Furthermore, Airbus is not as ready as it would like for a parallel race in factory technology needed for a new plane.

Add to this investments already made by suppliers, banks and manufacturers, and their reliance on preserving resale values of planes already flying, and few are in a hurry to start afresh.

“Industrially and competitively it is logical in a duopoly that you need a reasonably strong competition,” said Rob Morris, head consultant at UK-based aerospace advisers Flight Ascend.

In the short term, Airbus has little capacity to push output higher, even though some Boeing customers are already courting it in public – a move partly seen as an effort to negotiate better terms with Boeing.

But the possibility of radically upsetting the duopoly may have receded under new Airbus sales chief Christian Scherer, a market-share pragmatist who helped launch the A320neo, and Faury, a cautious engineer focusing on industrial improvements.

Faury on Tuesday played down the prospect that the MAX crisis would open up new business for Airbus and said the grounding “does not change the mid-term to long-term picture”.

Airbus has already won a larger share of the single-aisle market than expected, leaving the usual 50/50 split with Boeing skewed toward Airbus, now on 60 percent. Experts say a further land grab could have unpredictable consequences for both.

“Boeing can’t accept market share below 40 percent. If the MAX fails, Boeing has to do something fundamental and Airbus has to respond,” Morris said.

(Reporting by Tim Hepher; Editing by Mark Potter and Louise Heavens)

EU court rules in favor of bloc’s trade deal with Canada

April 30, 2019

BRUSSELS (Reuters) – The EU-Canada free-trade agreement’s provisions to protect investors do not breach EU law, the European Court of Justice (ECJ) ruled on Tuesday in a major relief for proponents of the deal that came into force in 2017.

The ECJ’s judges said in their ruling that the mechanism to resolve disputes between investors and states, which critics say unfairly favor multinationals, is in line with EU law.

(Reporting by Philip Blenkinsop, editing by Robin Emmott)

Avengers Endgame screenwriters reveal why [SPOILER] had to DIE – ‘It’s no TRAGEDY’



AVENGERS ENDGAME screenwriters Christopher Markus and Stephen McFeely have revealed why a certain major character had to die.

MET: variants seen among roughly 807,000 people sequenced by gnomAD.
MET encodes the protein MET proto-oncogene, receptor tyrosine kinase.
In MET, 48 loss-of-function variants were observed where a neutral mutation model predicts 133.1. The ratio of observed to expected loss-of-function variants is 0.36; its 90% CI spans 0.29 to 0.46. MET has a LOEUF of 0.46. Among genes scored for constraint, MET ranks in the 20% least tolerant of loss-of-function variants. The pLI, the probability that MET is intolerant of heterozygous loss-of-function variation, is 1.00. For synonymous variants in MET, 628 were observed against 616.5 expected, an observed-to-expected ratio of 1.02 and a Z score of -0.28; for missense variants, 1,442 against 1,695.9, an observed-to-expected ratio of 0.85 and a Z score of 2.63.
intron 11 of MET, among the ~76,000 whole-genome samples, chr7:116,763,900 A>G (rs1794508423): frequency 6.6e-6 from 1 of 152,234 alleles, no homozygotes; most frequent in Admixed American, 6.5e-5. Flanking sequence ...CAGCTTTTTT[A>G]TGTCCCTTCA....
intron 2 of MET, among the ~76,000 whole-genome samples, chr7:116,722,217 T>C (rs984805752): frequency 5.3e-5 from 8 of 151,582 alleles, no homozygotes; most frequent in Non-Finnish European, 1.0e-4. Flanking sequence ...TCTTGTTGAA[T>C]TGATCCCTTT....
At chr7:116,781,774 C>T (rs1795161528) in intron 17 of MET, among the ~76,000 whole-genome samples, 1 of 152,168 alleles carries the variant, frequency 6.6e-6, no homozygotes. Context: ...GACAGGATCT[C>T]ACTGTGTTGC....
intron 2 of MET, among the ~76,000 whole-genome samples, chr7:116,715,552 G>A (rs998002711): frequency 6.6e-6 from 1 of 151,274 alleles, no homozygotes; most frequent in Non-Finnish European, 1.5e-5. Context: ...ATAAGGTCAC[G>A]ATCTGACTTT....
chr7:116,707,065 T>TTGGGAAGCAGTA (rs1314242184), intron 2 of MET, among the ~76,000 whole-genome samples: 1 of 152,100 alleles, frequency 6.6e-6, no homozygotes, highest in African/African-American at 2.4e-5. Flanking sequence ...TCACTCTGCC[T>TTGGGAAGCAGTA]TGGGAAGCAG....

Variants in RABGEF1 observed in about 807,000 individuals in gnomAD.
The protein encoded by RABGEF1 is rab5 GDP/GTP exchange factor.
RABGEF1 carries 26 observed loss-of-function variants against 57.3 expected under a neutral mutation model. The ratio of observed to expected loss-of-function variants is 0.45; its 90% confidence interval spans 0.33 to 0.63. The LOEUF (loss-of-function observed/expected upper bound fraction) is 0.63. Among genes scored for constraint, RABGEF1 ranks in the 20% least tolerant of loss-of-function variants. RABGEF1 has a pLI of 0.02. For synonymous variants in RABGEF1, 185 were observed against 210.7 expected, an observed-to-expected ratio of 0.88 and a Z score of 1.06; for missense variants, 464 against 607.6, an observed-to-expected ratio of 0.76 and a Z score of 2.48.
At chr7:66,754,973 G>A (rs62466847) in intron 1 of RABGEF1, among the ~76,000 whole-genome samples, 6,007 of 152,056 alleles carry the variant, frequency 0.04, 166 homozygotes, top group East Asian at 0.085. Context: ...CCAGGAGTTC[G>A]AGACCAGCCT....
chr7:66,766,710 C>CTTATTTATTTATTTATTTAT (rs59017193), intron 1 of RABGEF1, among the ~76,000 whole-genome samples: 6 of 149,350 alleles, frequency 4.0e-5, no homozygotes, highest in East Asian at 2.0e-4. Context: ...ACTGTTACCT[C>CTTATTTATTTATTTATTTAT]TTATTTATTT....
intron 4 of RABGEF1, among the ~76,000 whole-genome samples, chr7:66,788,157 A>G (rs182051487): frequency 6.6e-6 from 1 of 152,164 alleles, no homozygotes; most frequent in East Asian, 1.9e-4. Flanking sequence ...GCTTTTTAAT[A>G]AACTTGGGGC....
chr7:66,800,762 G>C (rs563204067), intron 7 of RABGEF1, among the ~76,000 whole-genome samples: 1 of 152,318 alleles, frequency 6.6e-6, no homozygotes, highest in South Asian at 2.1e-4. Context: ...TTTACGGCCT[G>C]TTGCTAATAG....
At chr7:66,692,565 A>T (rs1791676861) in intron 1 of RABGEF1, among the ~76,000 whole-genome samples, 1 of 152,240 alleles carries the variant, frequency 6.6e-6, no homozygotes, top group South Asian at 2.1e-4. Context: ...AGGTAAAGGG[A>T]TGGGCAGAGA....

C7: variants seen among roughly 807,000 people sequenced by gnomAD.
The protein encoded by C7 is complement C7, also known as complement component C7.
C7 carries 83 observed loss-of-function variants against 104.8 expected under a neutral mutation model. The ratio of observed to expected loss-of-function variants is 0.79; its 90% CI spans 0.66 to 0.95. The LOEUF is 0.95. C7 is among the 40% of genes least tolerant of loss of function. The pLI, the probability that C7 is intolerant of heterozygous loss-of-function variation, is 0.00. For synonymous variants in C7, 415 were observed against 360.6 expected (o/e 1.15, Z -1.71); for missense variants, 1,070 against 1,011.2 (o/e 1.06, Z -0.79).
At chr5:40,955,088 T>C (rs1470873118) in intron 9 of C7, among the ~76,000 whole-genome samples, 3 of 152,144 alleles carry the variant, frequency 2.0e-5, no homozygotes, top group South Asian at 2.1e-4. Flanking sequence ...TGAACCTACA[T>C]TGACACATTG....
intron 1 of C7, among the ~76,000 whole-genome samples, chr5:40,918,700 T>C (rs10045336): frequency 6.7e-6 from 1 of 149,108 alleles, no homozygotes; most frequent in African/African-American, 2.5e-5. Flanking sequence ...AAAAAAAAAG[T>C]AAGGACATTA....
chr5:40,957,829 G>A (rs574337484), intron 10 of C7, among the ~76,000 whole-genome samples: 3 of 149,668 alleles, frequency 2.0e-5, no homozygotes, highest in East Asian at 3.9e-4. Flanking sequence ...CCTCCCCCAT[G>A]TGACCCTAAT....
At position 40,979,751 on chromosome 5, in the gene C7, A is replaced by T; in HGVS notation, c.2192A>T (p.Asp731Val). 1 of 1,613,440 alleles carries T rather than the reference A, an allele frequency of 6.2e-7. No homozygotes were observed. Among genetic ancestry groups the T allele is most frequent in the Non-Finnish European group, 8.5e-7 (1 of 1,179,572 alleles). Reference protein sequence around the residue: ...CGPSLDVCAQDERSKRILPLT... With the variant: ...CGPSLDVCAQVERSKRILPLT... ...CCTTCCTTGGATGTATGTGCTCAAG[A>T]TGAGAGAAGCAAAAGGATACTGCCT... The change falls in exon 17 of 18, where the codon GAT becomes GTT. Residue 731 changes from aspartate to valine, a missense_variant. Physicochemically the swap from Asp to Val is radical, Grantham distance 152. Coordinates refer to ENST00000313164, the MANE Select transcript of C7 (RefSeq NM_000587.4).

European shares fall as growth worries linger; AMS rises

April 30, 2019

(Reuters) – European shares fell on Tuesday as a decline by banks and weak China factory data offset a surge in shares of chipmaker AMS, while investors waited for euro zone economic growth numbers.

The pan-European STOXX 600 index edged lower by 0725 GMT. Most major indices fell except London’s FTSE 100, which was little changed.

China’s manufacturing activity failed to meet expectations, underscoring weakness in the world’s second-largest economy.

In contrast, French economic growth held steady in the first quarter and Spain’s preliminary gross domestic product beat expectations. Investors now are waiting for economic growth data for the euro zone later in the day.

Banks were the biggest weight on the STOXX 600. Danske Bank, caught up in a money-laundering scandals, fell more than 6 percent after lowering its outlook for 2019. Santander, the euro zone’s biggest bank by market value, also slipped after first-quarter net profit.

Nordea Bank and BBVA also reported lower profits and fell more than 2 percent each.

Standard Chartered, however, advanced after the bank announced plans for up to $1 billion of share buybacks, its first in at least 20 years.

Airbus slipped after the European planemaker reported a heavy drain on cash, which overshadowed slightly higher-than-expected core first-quarter profits.

Rising fuel costs and excess capacity in Europe dragged German airline Lufthansa into a first-quarter loss. The stock shed 3 percent.

Among the bright spots, chipmaker AMS jumped 16 percent, boosting the tech index, after it beat forecasts for first-quarter profit and gave an upbeat outlook for the second quarter.